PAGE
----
But after some so-so experiences with a particular medical specialty, I decided to ask a specialist friend if he would be comfortable being my doctor. He said yes and I started seeing him. He’s a longtime friend but not an extremely close friend. I’ve been extremely satisfied with the experience. Partly because he’s an excellent doctor but also because I feel he understands me better and may even provide a little extra attention. He trusts me enough to exchange detailed emails. I’m not embarrassed to share personal medical details that I wouldn’t be comfortable with sharing someone who’s just a friend. Honestly, for me I don’t see the downside.

I did the same thing when I a needed a new dentist and that’s worked out well, too.

I hope I stay reasonably healthy and then die peacefully in my sleep when I turn 100, so I don’t have to spend a lot of time as a patient. But realistically it’s likely that I’ll be seeing more specialists as time moves along. I’m definitely planning to keep friends in mind when it comes time to find people to treat me.

Image courtesy of stockimages at

By healthcare business consultant David E. Williams, president of Health Business Group.

Let the games begin: HITLAB World Cup

Sabra Bhat, Manager, HITLAB Healthcare Innovation Lab

Sabra Bhat, Manager, HITLAB Healthcare Innovation Lab

HITLAB is a New York based innovation and teaching lab that focuses on improving healthcare quality and accessibility globally. I caught up recently with HITLAB’s Sabra Bhat, who is coordinating a World Cup competition designed to stimulate original solutions to healthcare problems.

Here’s what we covered:

  • (0:09) What is the HITLAB World Cup?
  • (1:35) How do people hear about it? What kind of entrants did you attract?
  • (3:29) You have entrants from all over the world. Are there different sorts of entries by country or does that not matter?
  • (4:56) What can you say about the finalists?
  • (6:04) What is the relationship between the World Cup and the Innovators Summit?
  • (7:49) What does HITLab do. What do you see for 2016?

By healthcare business consultant David E. Williams, president of Health Business Group.

Health Wonk Review is up at Health System Ed

Health System Ed extends the Thanksgiving theme with the Healthcare on Parade Edition of the Health Wonk Review. The subtitle (“It’s beginning to look a lot like… chaos”) is, sadly a good summary of the healthcare scene.

In any case you’ll want to read the posts to get yourself at least partially straightened out.


Twitter share counts – what happened?

Tweety bird on the way out?

Tweety bird on the way out?

Oh where oh where have my Twitter shares gone? Oh where oh where can they be?

Like most bloggers I have an option for readers to share posts they like (or hate) on social media, including Twitter, Facebook and LinkedIn. The share buttons at the bottom of the posts also indicate how many people have shared a post on each platform. Usually Twitter is the most popular share for my blog, followed by LinkedIn and then Facebook. is pretty easy to use but it’s also glitchy. When I scroll down the page on my blog I notice it often stops showing share counts after the first several posts, although if you click on a specific post the share counts will reappear.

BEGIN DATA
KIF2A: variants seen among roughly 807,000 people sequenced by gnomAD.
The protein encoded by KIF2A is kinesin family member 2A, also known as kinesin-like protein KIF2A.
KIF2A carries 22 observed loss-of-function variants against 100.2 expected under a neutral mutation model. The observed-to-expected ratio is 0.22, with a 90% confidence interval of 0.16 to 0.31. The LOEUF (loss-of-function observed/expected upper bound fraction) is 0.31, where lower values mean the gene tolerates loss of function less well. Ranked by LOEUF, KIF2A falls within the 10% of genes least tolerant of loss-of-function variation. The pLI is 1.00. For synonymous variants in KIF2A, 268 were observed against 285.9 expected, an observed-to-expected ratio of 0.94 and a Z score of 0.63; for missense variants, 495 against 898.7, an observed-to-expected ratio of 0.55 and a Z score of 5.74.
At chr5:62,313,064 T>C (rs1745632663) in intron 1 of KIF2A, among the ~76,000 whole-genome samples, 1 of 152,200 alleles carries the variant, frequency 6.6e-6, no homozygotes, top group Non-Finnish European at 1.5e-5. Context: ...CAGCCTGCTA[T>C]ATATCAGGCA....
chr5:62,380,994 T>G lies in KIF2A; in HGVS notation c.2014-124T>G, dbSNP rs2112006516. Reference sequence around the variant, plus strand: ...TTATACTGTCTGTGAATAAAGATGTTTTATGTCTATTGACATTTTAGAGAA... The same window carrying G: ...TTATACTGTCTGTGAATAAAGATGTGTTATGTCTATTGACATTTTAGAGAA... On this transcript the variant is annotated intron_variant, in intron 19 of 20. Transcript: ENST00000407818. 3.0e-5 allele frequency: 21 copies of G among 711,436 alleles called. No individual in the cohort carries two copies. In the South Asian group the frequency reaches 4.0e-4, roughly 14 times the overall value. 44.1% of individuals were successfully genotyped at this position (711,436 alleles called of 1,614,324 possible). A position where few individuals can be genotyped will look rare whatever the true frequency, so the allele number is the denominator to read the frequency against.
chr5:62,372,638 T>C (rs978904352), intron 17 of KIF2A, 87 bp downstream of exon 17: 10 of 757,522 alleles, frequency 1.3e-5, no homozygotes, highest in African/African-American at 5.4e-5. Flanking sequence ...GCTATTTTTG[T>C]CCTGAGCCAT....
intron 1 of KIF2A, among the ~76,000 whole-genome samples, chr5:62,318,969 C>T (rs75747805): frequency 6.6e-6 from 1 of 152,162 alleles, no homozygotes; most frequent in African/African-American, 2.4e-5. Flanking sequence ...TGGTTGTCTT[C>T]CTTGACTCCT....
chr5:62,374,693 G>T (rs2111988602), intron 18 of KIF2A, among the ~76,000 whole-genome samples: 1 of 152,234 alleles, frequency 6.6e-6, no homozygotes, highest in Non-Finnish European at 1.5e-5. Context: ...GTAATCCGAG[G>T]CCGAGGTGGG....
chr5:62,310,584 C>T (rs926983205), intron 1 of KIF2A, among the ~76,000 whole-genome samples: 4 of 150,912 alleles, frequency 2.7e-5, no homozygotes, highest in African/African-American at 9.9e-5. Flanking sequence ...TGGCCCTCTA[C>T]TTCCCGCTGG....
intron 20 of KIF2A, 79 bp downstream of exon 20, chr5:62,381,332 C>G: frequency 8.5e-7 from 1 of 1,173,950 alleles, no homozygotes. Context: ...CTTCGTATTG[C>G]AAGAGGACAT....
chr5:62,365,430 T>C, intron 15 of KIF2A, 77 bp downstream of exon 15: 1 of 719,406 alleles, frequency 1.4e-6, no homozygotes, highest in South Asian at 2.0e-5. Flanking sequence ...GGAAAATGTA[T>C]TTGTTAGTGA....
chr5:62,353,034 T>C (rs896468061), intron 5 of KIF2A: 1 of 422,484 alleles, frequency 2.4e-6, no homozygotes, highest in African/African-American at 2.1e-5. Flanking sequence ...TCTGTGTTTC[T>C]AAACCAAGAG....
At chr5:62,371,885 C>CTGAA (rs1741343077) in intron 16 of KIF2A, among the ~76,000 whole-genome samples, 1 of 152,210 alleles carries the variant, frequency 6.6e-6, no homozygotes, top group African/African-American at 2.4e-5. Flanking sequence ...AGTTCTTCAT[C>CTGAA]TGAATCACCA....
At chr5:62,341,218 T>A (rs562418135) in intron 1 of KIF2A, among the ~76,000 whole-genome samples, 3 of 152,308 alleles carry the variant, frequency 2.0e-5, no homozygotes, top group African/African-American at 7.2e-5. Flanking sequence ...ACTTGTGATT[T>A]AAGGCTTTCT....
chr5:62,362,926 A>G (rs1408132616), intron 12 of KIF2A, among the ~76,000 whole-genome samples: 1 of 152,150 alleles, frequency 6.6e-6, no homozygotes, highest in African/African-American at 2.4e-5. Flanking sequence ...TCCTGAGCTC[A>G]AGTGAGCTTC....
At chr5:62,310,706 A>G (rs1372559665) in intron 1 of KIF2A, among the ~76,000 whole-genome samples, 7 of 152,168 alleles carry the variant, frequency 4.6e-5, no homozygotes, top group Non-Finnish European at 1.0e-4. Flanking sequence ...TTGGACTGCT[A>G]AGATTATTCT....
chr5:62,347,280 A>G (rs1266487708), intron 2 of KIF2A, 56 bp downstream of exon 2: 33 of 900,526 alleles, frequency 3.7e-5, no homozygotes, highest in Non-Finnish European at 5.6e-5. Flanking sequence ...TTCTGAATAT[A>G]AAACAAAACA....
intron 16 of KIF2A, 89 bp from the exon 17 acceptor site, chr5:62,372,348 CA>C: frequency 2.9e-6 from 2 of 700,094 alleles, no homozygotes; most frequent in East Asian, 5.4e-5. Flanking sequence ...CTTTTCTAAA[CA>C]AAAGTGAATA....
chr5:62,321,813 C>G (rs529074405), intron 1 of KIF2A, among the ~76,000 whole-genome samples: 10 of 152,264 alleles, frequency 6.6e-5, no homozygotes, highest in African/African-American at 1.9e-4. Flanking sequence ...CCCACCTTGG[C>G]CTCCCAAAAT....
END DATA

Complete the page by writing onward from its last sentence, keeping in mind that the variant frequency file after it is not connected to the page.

So at first when the Twitter counts disappeared a couple weeks ago I figured it was just a WordPress problem and probably a transient one. But after a few days I started to get suspicious and so probed a bit further. Turns out Twitter announced a couple months back that it was removing the share counts. For the life of me I can’t figure out why they would do it. All the other social media sites have kept theirs.

Search Engine Watch has a good take on this:

“So, all this move does is:

  1. Irritate publishers, bloggers and authors like me who use share counts as a lightweight performance metric
  2. Stick another two fingers up to developers, who are used to it by now
  3. Remove Twitter from being relevant, when it comes to social proof

I’ve put quite a lot of effort into Twitter over the past five years or so and have a solid following there of over 9500 people. Twitter is easy to use and informative, but this move is a real pain in the neck.

My favorite social network is LinkedIn.  I’m proudest of the posts that generate the most shares there and am surprised at how many people read the blog on LinkedIn.

Anyway, you’re still invited to share my blog posts on Twitter. You just won’t know if you’re the first or 101st to do so, and neither will anyone else.

Image courtesy of olovedog at

By healthcare business consultant David E. Williams, president of Health Business Group.

Joslin Diabetes CEO faces ‘big challenges’ –I’m quoted

It's tough to win in the diabetes business

It’s tough to win in the diabetes business

Diabetes is a huge health problem, and Joslin Diabetes Center is a renowned, world-class institution. You’d think it would be a good moneymaker, or at least able to break even. But, as the Boston Globe explains in Big challenges ahead for new Joslin CEO, that’s not the case.

Here’s the part of the article where I’m quoted:

Diabetes typically doesn’t require the kinds of expensive treatments or surgeries used to fight illnesses such as eye diseases and cancers. That means Joslin doesn’t have the same opportunities to generate revenues as other specialty clinics in Boston, such as Dana-Farber Cancer Institute and Massachusetts Eye and Ear Infirmary.

“Diabetes is not as profitable a market as more procedure-oriented specialties,” said David E. Williams, a Boston health care consultant

Several years into health reform, it seems odd that we’re still rewarding expensive interventions rather than the type of coordinated, prevention-oriented care that Joslin provides. In some fields, prevention has an uncertain payoff, yet for diabetics proper care helps head off terrible and expensive downstream complications such as amputation, blindness, heart disease and kidney failure.

Joslin has a couple other things going against it:

  • Big healthcare systems have focused on keeping all care within their own systems, preventing “leakage” to other providers even when those providers are excellent
  • Joslin derives a fair amount of its revenue from research. Unfortunately for Joslin NIH rules such as salary caps and COLA freezes make research a loser from a purely financial standpoint. There’s also a lot of competition for grant dollars

Joslin has actually done a good job of recognizing these problems, and has built a substantial commercial business to license its knowhow and brand. But that hasn’t been enough to make up for all of the headwinds.

I am wishing new CEO Dr. Peter Amenta the best of success as he tries to turn this ship around.

Image courtesy of smarnad at

By healthcare business consultant David E. Williams, president of Health Business Group.